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The Xbox One was pitched as the $299 "Xbox 720" according to these leaked documents

 Image of Xbox One X stacked on top of Xbox One S.
Image of Xbox One X stacked on top of Xbox One S.

What you need to know

  • Microsoft documents that reveal early plans the company had for the Xbox One console have leaked on Reddit. Though the post has been taken down, we've saved the link to the files and have verified their authenticity with our sources.

  • The documents show that Microsoft was originally considering calling the Xbox One the "Xbox 720," and that it planned to sell the console for $299 and bundle it with the second-generation Kinect motion tracking controller.

  • The slides also highlight the company's plan to make a console with lots of multimedia features and experiences at the time, which is consistent with how the Xbox One was designed and marketed to consumers.

  • The Xbox One launched in 2013 with an MSRP of $499 instead, and many criticized this price as well as Microsoft's decision to not focus more directly on gaming. In 2022, Microsoft stated that sales of Sony's PS4 were more than double of the Xbox One's.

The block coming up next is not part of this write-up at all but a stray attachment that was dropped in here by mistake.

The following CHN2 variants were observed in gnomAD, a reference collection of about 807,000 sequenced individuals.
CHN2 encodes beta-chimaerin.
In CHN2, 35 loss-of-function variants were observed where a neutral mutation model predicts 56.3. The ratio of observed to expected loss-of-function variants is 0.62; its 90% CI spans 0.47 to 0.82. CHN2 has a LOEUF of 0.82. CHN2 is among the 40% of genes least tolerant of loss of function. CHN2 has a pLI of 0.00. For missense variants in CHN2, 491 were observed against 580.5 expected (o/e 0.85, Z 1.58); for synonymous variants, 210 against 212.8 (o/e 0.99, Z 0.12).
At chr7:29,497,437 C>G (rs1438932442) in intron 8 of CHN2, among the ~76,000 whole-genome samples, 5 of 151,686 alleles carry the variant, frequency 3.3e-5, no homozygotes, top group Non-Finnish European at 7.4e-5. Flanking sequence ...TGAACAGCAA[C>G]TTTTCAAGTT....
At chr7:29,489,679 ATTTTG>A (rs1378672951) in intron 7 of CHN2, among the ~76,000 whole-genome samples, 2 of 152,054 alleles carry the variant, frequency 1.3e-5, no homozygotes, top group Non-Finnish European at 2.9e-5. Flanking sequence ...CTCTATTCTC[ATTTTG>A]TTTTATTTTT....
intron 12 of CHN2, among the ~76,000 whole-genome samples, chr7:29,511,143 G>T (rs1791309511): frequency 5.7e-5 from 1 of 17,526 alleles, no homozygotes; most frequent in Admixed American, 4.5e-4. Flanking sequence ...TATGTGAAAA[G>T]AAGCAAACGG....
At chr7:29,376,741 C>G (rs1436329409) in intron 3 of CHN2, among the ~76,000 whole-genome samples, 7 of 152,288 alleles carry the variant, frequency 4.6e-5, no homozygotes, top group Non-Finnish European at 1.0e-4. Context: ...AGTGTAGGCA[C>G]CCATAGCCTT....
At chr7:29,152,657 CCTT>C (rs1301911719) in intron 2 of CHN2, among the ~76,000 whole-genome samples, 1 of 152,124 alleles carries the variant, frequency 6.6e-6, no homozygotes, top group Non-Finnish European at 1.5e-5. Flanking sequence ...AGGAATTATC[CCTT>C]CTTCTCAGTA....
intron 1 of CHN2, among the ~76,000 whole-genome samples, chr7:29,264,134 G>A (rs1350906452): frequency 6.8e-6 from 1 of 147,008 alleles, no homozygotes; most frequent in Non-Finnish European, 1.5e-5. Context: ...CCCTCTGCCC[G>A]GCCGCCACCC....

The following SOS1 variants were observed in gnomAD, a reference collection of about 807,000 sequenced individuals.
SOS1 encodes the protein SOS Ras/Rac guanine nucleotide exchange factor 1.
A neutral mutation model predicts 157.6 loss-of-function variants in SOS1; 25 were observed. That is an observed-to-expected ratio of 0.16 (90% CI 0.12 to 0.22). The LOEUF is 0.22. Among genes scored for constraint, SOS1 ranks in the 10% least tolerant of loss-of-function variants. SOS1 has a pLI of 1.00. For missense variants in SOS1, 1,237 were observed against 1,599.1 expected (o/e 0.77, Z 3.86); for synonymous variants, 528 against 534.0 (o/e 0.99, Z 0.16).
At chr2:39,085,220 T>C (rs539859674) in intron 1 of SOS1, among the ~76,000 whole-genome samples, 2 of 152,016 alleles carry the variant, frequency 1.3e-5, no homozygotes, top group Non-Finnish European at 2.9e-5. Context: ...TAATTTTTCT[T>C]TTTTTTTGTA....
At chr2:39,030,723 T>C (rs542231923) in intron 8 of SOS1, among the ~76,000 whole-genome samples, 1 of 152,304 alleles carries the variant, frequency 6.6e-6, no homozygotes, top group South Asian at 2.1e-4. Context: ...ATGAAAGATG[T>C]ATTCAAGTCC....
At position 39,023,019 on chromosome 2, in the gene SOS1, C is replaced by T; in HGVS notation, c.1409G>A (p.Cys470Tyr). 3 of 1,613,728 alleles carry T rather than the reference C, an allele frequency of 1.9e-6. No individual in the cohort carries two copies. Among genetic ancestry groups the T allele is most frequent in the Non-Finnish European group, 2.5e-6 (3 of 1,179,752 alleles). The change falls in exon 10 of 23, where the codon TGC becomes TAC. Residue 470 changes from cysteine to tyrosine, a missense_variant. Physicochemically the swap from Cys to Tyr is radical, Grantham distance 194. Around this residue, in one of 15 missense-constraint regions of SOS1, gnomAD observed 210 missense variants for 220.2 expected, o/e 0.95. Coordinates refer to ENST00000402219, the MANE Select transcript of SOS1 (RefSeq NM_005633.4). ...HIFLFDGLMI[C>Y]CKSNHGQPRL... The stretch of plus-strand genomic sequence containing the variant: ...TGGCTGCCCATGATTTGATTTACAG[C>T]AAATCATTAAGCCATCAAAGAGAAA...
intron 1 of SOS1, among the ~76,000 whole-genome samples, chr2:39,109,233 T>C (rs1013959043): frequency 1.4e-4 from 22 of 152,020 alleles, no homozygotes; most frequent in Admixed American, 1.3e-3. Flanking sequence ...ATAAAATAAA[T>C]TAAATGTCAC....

Microsoft's 2013 follow-up to its Xbox 360 gaming console was the infamously controversial $499 Xbox One. But based on information from newly leaked documents the company put together well before the Xbox One's launch, it was originally named the "Xbox 720," and was planned to retail for $299.

These documents were posted to the r/gaming subreddit on Monday morning, and though its moderators promptly took down the link to the PDF, we were able to save it beforehand. You can view the full file here, though we've included the highlights in the gallery below. Windows Central's sources have verified the authenticity of the documents (we saw and covered a few of the slides several years ago, actually).

The slides largely show Microsoft's plan to position the console as "the ONLY box you need for premium living room entertainment," emphasizing its ability to be used for watching TV, playing DVD and Blu-ray discs, and enjoying music and video streams as well as gaming. The documents also highlight the firm's ambitions to sync the new Xbox with companion devices like phones or tablets to "move experiences seamlessly across devices," and the bundling of the Kinect V2 motion tracking controller with every console sold.

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Xbox 720 Slides
Xbox 720 Slides

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Xbox 720 Slides
Xbox 720 Slides

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Xbox 720 Slides
Xbox 720 Slides

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Xbox 720 Slides
Xbox 720 Slides

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Xbox 720 Slides
Xbox 720 Slides

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Xbox 720 Slides
Xbox 720 Slides

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Xbox 361 Slide
Xbox 361 Slide